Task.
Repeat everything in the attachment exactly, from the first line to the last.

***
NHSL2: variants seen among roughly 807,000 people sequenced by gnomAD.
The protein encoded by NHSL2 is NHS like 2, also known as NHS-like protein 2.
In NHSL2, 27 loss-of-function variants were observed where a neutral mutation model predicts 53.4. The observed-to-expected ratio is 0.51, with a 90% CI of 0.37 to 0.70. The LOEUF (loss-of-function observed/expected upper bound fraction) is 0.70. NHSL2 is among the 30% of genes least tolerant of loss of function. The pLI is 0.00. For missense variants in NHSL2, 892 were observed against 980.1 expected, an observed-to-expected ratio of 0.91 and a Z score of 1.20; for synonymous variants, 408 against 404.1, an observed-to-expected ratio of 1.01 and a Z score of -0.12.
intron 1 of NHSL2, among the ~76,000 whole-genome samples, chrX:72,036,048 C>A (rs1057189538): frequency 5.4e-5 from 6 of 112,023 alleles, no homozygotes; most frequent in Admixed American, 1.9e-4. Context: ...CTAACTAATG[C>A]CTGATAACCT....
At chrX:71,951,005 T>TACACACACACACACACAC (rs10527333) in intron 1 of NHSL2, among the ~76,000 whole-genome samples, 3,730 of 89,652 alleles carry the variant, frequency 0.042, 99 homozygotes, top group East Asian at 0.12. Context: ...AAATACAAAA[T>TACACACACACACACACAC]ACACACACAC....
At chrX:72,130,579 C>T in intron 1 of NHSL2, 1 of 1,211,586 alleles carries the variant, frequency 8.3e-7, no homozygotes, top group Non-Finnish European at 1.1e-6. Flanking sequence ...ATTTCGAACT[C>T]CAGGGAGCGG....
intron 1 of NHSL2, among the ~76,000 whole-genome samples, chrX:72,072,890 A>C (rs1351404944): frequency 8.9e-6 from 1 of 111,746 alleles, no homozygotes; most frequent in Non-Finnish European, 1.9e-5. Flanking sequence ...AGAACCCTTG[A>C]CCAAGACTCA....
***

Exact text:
NHSL2: variants seen among roughly 807,000 people sequenced by gnomAD.
The protein encoded by NHSL2 is NHS like 2, also known as NHS-like protein 2.
In NHSL2, 27 loss-of-function variants were observed where a neutral mutation model predicts 53.4. The observed-to-expected ratio is 0.51, with a 90% CI of 0.37 to 0.70. The LOEUF (loss-of-function observed/expected upper bound fraction) is 0.70. NHSL2 is among the 30% of genes least tolerant of loss of function. The pLI is 0.00. For missense variants in NHSL2, 892 were observed against 980.1 expected, an observed-to-expected ratio of 0.91 and a Z score of 1.20; for synonymous variants, 408 against 404.1, an observed-to-expected ratio of 1.01 and a Z score of -0.12.
intron 1 of NHSL2, among the ~76,000 whole-genome samples, chrX:72,036,048 C>A (rs1057189538): frequency 5.4e-5 from 6 of 112,023 alleles, no homozygotes; most frequent in Admixed American, 1.9e-4. Context: ...CTAACTAATG[C>A]CTGATAACCT....
At chrX:71,951,005 T>TACACACACACACACACAC (rs10527333) in intron 1 of NHSL2, among the ~76,000 whole-genome samples, 3,730 of 89,652 alleles carry the variant, frequency 0.042, 99 homozygotes, top group East Asian at 0.12. Context: ...AAATACAAAA[T>TACACACACACACACACAC]ACACACACAC....
At chrX:72,130,579 C>T in intron 1 of NHSL2, 1 of 1,211,586 alleles carries the variant, frequency 8.3e-7, no homozygotes, top group Non-Finnish European at 1.1e-6. Flanking sequence ...ATTTCGAACT[C>T]CAGGGAGCGG....
intron 1 of NHSL2, among the ~76,000 whole-genome samples, chrX:72,072,890 A>C (rs1351404944): frequency 8.9e-6 from 1 of 111,746 alleles, no homozygotes; most frequent in Non-Finnish European, 1.9e-5. Flanking sequence ...AGAACCCTTG[A>C]CCAAGACTCA....